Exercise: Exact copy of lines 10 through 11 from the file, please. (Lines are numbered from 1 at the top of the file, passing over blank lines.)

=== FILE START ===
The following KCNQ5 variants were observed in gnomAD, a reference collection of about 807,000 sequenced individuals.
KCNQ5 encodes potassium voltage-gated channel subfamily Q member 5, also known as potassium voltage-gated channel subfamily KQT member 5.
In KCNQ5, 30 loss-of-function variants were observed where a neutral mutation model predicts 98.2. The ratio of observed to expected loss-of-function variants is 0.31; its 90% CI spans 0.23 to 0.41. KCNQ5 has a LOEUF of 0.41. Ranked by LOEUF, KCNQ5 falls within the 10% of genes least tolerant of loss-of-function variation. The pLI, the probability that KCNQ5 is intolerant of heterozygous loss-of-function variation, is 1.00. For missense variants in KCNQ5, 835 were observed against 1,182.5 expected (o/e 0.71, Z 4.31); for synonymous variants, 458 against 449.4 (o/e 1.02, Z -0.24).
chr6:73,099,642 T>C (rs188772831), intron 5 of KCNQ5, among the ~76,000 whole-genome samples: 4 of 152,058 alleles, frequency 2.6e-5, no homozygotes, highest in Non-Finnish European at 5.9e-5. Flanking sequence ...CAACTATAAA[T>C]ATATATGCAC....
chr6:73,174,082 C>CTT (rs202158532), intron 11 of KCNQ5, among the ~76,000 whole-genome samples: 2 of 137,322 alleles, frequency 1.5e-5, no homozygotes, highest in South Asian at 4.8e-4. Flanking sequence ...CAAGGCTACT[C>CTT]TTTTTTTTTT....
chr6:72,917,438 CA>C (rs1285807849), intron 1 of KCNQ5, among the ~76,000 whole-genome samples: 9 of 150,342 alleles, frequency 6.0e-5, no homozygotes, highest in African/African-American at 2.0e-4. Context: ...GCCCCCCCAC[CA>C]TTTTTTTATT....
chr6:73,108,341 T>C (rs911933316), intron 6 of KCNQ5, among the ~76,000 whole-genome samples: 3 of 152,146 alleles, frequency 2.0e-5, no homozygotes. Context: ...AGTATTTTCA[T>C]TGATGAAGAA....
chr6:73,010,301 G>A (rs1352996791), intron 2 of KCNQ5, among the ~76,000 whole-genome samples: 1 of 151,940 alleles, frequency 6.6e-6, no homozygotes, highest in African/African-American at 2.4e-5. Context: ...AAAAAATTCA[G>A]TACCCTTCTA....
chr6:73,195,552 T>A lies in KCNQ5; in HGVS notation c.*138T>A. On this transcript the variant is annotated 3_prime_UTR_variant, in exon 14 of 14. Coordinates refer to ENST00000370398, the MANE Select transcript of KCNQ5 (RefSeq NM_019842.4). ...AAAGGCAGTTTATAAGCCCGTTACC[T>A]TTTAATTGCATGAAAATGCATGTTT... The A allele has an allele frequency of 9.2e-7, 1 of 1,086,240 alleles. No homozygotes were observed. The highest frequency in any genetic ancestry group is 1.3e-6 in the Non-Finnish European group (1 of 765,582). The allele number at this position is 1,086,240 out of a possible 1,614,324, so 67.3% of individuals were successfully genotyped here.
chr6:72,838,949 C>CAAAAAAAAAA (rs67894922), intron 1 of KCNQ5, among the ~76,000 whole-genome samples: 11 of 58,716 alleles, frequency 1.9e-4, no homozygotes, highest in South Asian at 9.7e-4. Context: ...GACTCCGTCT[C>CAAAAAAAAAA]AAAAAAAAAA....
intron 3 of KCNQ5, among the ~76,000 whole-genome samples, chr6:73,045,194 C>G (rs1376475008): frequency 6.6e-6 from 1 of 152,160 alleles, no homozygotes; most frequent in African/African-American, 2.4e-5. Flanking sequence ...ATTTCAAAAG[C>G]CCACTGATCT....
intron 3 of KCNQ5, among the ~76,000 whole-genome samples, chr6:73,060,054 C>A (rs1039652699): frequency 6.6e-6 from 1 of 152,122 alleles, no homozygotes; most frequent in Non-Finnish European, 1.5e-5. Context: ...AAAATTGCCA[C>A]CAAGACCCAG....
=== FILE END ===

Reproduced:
chr6:72,838,949 C>CAAAAAAAAAA (rs67894922), intron 1 of KCNQ5, among the ~76,000 whole-genome samples: 11 of 58,716 alleles, frequency 1.9e-4, no homozygotes, highest in South Asian at 9.7e-4. Context: ...GACTCCGTCT[C>CAAAAAAAAAA]AAAAAAAAAA....
intron 3 of KCNQ5, among the ~76,000 whole-genome samples, chr6:73,045,194 C>G (rs1376475008): frequency 6.6e-6 from 1 of 152,160 alleles, no homozygotes; most frequent in African/African-American, 2.4e-5. Flanking sequence ...ATTTCAAAAG[C>G]CCACTGATCT....